The U.K. government is considering an automatic-enrollment system to encourage employee retirement savings, Minister for Pensions Stephen Timms said at a National Association of Pension Funds conference today in London. "Our own case study research has shown auto enrollment to be effective," he said, adding that it would boost contributions to defined contribution pension plans by simplifying the process for employees while reducing administrative costs for employers.
The idea will be addressed as part of a more comprehensive set of pension reforms to be proposed later this month by the government's pensions commission, led by Adair Turner, vice chairman of Merrill Lynch Europe. A separate study by Fidelity International indicated that automatic enrollment could increase the number of employees joining defined contribution plans by more than 40%.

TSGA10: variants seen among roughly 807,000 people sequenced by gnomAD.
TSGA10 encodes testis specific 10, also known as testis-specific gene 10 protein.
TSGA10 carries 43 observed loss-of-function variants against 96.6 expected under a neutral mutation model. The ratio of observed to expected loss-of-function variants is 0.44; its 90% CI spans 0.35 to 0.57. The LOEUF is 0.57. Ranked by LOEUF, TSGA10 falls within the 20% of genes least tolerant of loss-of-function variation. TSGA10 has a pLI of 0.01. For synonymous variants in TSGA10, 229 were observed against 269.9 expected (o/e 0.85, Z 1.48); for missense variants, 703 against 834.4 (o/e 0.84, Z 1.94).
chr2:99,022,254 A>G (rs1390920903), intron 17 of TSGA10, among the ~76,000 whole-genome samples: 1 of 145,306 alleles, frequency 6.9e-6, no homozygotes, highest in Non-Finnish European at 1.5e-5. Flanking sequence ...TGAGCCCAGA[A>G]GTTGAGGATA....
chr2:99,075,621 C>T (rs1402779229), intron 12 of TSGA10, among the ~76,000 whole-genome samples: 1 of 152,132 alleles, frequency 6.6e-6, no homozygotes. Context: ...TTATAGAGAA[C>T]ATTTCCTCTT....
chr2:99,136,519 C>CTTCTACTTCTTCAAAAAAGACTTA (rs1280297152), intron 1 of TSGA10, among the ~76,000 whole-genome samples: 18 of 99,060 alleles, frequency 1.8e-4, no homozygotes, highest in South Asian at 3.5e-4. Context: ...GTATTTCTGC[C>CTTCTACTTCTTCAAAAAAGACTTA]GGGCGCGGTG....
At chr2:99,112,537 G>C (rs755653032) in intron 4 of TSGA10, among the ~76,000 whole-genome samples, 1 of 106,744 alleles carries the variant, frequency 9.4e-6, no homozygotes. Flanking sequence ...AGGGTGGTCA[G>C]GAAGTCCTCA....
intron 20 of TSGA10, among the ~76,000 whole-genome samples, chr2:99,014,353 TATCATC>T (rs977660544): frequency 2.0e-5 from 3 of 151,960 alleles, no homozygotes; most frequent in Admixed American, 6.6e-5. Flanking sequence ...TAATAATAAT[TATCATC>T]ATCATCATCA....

In the United States, automatic enrollment can increase 401(k) participation up to 90%, compared with 25% to 43% for plans without automatic enrollment, according to the same study.
According to 2005 NAPF annual survey, released at the conference, 58% of U.K. retirement plans surveyed are accepting new members. In the private sector, only 43% of those surveyed remain open. In the past year alone, 37 of the plan sponsors surveyed froze their plans, and another 80 employers said they would do so within the next five years.